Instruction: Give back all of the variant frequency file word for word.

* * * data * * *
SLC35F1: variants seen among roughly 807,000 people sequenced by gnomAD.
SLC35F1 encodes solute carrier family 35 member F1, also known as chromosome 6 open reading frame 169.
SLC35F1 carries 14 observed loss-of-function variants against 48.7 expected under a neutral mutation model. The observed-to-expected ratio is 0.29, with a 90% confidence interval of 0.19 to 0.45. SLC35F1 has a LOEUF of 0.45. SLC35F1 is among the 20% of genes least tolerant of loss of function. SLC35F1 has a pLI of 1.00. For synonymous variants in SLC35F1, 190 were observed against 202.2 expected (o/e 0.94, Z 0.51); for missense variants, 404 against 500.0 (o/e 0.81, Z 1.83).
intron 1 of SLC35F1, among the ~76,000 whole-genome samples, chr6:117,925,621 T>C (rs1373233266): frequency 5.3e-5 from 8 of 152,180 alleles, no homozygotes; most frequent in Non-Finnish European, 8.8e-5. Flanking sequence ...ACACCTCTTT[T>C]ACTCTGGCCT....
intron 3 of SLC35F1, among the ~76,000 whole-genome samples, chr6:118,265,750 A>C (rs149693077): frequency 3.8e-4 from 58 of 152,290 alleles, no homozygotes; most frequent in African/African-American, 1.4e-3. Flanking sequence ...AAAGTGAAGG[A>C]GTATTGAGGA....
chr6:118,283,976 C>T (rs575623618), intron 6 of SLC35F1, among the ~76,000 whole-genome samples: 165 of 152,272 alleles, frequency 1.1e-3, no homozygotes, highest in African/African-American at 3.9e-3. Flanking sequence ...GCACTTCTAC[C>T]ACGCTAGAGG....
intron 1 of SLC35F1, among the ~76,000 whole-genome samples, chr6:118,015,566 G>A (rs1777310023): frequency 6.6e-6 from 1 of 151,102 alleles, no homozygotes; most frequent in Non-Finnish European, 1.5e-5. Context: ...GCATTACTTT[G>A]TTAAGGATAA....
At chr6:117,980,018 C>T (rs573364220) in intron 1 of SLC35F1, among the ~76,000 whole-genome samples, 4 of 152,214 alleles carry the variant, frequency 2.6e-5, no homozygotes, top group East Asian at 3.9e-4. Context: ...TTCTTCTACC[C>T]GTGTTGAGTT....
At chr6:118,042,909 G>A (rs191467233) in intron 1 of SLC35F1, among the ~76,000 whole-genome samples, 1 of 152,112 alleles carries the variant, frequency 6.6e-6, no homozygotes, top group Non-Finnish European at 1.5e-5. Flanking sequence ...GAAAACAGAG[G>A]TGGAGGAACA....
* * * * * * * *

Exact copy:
SLC35F1: variants seen among roughly 807,000 people sequenced by gnomAD.
SLC35F1 encodes solute carrier family 35 member F1, also known as chromosome 6 open reading frame 169.
SLC35F1 carries 14 observed loss-of-function variants against 48.7 expected under a neutral mutation model. The observed-to-expected ratio is 0.29, with a 90% confidence interval of 0.19 to 0.45. SLC35F1 has a LOEUF of 0.45. SLC35F1 is among the 20% of genes least tolerant of loss of function. SLC35F1 has a pLI of 1.00. For synonymous variants in SLC35F1, 190 were observed against 202.2 expected (o/e 0.94, Z 0.51); for missense variants, 404 against 500.0 (o/e 0.81, Z 1.83).
intron 1 of SLC35F1, among the ~76,000 whole-genome samples, chr6:117,925,621 T>C (rs1373233266): frequency 5.3e-5 from 8 of 152,180 alleles, no homozygotes; most frequent in Non-Finnish European, 8.8e-5. Flanking sequence ...ACACCTCTTT[T>C]ACTCTGGCCT....
intron 3 of SLC35F1, among the ~76,000 whole-genome samples, chr6:118,265,750 A>C (rs149693077): frequency 3.8e-4 from 58 of 152,290 alleles, no homozygotes; most frequent in African/African-American, 1.4e-3. Flanking sequence ...AAAGTGAAGG[A>C]GTATTGAGGA....
chr6:118,283,976 C>T (rs575623618), intron 6 of SLC35F1, among the ~76,000 whole-genome samples: 165 of 152,272 alleles, frequency 1.1e-3, no homozygotes, highest in African/African-American at 3.9e-3. Flanking sequence ...GCACTTCTAC[C>T]ACGCTAGAGG....
intron 1 of SLC35F1, among the ~76,000 whole-genome samples, chr6:118,015,566 G>A (rs1777310023): frequency 6.6e-6 from 1 of 151,102 alleles, no homozygotes; most frequent in Non-Finnish European, 1.5e-5. Context: ...GCATTACTTT[G>A]TTAAGGATAA....
At chr6:117,980,018 C>T (rs573364220) in intron 1 of SLC35F1, among the ~76,000 whole-genome samples, 4 of 152,214 alleles carry the variant, frequency 2.6e-5, no homozygotes, top group East Asian at 3.9e-4. Context: ...TTCTTCTACC[C>T]GTGTTGAGTT....
At chr6:118,042,909 G>A (rs191467233) in intron 1 of SLC35F1, among the ~76,000 whole-genome samples, 1 of 152,112 alleles carries the variant, frequency 6.6e-6, no homozygotes, top group Non-Finnish European at 1.5e-5. Flanking sequence ...GAAAACAGAG[G>A]TGGAGGAACA....